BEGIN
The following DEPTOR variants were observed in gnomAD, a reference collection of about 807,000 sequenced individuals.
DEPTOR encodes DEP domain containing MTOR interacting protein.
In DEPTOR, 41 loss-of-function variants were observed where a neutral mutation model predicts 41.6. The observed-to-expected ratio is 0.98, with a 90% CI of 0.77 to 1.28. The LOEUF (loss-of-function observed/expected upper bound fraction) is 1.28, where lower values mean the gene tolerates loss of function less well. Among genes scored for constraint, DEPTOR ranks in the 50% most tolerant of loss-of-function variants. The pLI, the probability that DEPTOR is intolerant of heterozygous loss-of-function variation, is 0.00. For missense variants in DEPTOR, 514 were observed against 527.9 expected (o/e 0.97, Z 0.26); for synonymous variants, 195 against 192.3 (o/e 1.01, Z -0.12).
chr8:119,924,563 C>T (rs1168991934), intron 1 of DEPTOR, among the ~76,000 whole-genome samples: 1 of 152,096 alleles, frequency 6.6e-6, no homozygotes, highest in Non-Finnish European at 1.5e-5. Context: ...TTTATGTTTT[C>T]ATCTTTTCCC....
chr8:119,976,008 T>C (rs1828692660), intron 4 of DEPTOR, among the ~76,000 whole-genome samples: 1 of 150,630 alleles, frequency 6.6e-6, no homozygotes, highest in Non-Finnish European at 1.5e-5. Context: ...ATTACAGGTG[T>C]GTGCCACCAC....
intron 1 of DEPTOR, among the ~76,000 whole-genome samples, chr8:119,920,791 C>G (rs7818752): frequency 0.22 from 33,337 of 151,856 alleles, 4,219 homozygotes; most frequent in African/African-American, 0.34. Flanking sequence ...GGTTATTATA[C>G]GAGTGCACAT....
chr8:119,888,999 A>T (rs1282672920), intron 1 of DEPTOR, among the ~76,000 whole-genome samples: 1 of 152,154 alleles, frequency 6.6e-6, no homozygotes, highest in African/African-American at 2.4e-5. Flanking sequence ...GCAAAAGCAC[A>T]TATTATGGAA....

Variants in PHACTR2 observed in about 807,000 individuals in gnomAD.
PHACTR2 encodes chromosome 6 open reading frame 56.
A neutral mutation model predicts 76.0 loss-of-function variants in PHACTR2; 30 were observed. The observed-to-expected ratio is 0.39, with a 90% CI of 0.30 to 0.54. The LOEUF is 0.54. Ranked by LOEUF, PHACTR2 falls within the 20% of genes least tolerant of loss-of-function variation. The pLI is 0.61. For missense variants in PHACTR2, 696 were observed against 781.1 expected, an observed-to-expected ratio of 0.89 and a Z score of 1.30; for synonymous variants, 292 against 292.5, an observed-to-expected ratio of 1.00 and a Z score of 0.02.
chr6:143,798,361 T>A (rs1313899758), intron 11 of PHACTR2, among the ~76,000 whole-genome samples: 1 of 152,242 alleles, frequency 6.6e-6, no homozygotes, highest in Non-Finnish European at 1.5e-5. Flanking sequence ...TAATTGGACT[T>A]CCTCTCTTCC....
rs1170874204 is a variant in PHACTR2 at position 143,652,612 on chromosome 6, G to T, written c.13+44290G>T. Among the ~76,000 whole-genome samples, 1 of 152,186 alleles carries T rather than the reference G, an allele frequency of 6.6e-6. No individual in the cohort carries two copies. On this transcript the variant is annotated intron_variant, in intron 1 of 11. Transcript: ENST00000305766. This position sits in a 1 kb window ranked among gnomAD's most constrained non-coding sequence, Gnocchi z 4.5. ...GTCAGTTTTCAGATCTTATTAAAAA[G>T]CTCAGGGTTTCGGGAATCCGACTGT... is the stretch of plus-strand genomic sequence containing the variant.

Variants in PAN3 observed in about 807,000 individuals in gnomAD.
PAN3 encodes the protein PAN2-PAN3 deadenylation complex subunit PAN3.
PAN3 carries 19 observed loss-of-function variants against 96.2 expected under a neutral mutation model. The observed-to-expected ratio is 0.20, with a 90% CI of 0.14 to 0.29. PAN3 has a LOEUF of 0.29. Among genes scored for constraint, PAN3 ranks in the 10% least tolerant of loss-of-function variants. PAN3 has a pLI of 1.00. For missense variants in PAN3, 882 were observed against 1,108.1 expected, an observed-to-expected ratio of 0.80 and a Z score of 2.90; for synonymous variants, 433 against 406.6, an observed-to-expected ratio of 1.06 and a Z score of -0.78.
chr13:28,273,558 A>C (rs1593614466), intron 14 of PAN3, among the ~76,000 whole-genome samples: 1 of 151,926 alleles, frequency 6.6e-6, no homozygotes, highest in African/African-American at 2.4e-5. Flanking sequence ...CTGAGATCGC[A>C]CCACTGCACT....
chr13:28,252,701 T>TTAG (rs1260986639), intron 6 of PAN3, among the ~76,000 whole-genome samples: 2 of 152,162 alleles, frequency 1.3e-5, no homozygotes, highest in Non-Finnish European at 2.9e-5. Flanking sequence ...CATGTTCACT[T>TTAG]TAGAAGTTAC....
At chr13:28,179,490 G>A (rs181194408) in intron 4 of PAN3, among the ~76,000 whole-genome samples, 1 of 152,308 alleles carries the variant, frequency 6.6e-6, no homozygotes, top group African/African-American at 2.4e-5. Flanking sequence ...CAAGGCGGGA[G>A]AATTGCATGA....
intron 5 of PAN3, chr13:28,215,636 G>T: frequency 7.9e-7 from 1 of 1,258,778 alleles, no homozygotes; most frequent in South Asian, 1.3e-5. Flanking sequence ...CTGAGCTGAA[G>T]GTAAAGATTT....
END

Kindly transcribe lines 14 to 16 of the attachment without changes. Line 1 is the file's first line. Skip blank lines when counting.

PAN3 encodes the protein PAN2-PAN3 deadenylation complex subunit PAN3.
PAN3 carries 19 observed loss-of-function variants against 96.2 expected under a neutral mutation model. The observed-to-expected ratio is 0.20, with a 90% CI of 0.14 to 0.29. PAN3 has a LOEUF of 0.29. Among genes scored for constraint, PAN3 ranks in the 10% least tolerant of loss-of-function variants. PAN3 has a pLI of 1.00. For missense variants in PAN3, 882 were observed against 1,108.1 expected, an observed-to-expected ratio of 0.80 and a Z score of 2.90; for synonymous variants, 433 against 406.6, an observed-to-expected ratio of 1.06 and a Z score of -0.78.
chr13:28,273,558 A>C (rs1593614466), intron 14 of PAN3, among the ~76,000 whole-genome samples: 1 of 151,926 alleles, frequency 6.6e-6, no homozygotes, highest in African/African-American at 2.4e-5. Flanking sequence ...CTGAGATCGC[A>C]CCACTGCACT....